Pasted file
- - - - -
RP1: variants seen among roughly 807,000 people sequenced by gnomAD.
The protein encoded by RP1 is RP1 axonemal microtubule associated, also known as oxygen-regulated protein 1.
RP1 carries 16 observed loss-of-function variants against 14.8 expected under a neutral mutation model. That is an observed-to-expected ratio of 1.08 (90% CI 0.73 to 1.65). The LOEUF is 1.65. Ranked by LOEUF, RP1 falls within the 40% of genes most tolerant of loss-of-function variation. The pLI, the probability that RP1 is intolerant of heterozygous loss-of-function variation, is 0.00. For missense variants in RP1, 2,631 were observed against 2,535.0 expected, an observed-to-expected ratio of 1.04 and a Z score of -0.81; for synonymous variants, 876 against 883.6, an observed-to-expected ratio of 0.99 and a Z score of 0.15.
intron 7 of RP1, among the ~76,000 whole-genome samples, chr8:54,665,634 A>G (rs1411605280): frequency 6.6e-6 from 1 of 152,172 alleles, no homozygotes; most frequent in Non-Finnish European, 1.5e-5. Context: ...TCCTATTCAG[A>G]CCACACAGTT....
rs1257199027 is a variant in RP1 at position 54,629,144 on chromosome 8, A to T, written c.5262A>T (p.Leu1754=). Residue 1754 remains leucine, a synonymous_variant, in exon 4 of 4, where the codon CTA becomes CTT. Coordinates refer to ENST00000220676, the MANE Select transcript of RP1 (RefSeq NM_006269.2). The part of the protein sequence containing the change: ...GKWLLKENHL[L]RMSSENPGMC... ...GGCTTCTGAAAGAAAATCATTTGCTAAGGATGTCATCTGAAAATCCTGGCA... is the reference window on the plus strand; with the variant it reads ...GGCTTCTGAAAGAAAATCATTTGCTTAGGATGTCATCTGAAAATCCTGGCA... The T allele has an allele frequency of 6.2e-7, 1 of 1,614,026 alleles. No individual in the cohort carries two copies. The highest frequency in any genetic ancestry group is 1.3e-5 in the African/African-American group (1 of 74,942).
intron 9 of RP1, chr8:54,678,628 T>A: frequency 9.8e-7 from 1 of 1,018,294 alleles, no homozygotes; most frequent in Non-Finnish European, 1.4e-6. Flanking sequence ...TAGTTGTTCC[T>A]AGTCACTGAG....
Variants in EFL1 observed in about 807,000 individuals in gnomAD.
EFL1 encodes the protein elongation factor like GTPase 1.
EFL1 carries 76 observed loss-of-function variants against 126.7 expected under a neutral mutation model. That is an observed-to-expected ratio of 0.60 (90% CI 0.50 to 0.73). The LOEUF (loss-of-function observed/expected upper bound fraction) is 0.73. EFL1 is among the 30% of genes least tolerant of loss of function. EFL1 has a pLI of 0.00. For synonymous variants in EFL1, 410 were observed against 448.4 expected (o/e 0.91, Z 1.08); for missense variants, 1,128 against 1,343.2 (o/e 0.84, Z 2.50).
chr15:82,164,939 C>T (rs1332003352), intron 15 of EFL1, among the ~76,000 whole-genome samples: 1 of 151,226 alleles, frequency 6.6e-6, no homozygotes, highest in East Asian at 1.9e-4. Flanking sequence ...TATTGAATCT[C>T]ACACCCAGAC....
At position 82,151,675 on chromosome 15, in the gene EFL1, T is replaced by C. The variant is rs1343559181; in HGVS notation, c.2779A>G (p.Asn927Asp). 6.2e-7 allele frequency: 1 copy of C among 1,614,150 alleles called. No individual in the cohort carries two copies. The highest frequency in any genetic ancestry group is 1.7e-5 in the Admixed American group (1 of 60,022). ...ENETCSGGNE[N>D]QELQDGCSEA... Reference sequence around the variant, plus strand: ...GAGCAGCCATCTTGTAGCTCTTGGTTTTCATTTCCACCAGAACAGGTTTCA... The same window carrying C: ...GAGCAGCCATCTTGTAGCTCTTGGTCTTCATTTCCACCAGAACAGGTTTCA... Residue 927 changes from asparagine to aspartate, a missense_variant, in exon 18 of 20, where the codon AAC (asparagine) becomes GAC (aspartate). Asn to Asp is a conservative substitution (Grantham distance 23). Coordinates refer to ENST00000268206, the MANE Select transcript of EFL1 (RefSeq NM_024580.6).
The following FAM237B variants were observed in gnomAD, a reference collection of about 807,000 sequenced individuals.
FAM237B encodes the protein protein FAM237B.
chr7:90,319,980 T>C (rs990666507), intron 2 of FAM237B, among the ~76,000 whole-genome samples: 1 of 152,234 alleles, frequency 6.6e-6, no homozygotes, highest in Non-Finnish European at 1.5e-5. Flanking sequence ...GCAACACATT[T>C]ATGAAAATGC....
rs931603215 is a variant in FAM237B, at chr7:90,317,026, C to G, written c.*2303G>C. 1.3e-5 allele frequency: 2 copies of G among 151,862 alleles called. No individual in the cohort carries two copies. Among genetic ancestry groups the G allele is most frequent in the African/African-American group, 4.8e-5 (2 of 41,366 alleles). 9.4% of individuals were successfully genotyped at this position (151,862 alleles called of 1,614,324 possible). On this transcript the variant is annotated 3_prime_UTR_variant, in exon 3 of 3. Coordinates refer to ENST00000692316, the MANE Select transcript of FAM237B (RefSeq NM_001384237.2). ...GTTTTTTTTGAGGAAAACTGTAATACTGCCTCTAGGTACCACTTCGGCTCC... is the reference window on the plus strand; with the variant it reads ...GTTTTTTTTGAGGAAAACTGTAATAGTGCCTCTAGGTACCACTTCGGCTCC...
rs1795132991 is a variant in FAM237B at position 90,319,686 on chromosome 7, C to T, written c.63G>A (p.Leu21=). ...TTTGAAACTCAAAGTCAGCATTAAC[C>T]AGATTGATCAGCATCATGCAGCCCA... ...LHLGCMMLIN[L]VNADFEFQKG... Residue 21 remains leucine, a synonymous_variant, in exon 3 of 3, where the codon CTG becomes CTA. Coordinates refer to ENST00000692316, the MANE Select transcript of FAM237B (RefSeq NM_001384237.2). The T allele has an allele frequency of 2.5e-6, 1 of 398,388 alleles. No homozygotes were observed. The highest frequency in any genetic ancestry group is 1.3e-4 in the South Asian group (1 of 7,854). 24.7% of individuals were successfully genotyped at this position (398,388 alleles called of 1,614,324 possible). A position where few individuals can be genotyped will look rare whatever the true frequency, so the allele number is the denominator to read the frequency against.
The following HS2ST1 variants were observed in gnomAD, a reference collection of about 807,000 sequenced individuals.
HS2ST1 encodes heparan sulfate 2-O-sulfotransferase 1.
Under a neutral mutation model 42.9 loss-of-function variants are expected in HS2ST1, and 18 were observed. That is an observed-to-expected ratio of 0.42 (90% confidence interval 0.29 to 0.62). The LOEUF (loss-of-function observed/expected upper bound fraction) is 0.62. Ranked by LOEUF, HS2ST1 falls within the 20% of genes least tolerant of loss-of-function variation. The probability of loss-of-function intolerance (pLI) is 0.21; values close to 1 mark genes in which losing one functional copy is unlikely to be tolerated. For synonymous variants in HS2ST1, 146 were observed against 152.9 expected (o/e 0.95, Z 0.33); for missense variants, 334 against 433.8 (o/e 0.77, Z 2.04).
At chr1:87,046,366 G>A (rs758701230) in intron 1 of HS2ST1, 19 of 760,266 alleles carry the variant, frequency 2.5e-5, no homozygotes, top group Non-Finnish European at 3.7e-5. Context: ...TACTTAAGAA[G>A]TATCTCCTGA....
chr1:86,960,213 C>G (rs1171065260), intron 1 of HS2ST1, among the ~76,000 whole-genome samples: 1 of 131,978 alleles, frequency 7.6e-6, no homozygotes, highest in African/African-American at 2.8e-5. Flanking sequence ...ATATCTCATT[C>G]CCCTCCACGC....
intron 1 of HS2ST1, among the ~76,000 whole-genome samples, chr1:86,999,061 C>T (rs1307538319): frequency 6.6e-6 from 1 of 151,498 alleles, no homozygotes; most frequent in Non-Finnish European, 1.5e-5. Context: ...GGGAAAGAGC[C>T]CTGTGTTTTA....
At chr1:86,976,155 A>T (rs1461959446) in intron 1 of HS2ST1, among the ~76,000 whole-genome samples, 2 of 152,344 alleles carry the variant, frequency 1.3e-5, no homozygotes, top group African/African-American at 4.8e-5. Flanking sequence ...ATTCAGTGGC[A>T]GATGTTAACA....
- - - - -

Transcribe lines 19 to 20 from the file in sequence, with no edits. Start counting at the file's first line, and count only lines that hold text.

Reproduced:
Under a neutral mutation model 42.9 loss-of-function variants are expected in HS2ST1, and 18 were observed. That is an observed-to-expected ratio of 0.42 (90% confidence interval 0.29 to 0.62). The LOEUF (loss-of-function observed/expected upper bound fraction) is 0.62. Ranked by LOEUF, HS2ST1 falls within the 20% of genes least tolerant of loss-of-function variation. The probability of loss-of-function intolerance (pLI) is 0.21; values close to 1 mark genes in which losing one functional copy is unlikely to be tolerated. For synonymous variants in HS2ST1, 146 were observed against 152.9 expected (o/e 0.95, Z 0.33); for missense variants, 334 against 433.8 (o/e 0.77, Z 2.04).
At chr1:87,046,366 G>A (rs758701230) in intron 1 of HS2ST1, 19 of 760,266 alleles carry the variant, frequency 2.5e-5, no homozygotes, top group Non-Finnish European at 3.7e-5. Context: ...TACTTAAGAA[G>A]TATCTCCTGA....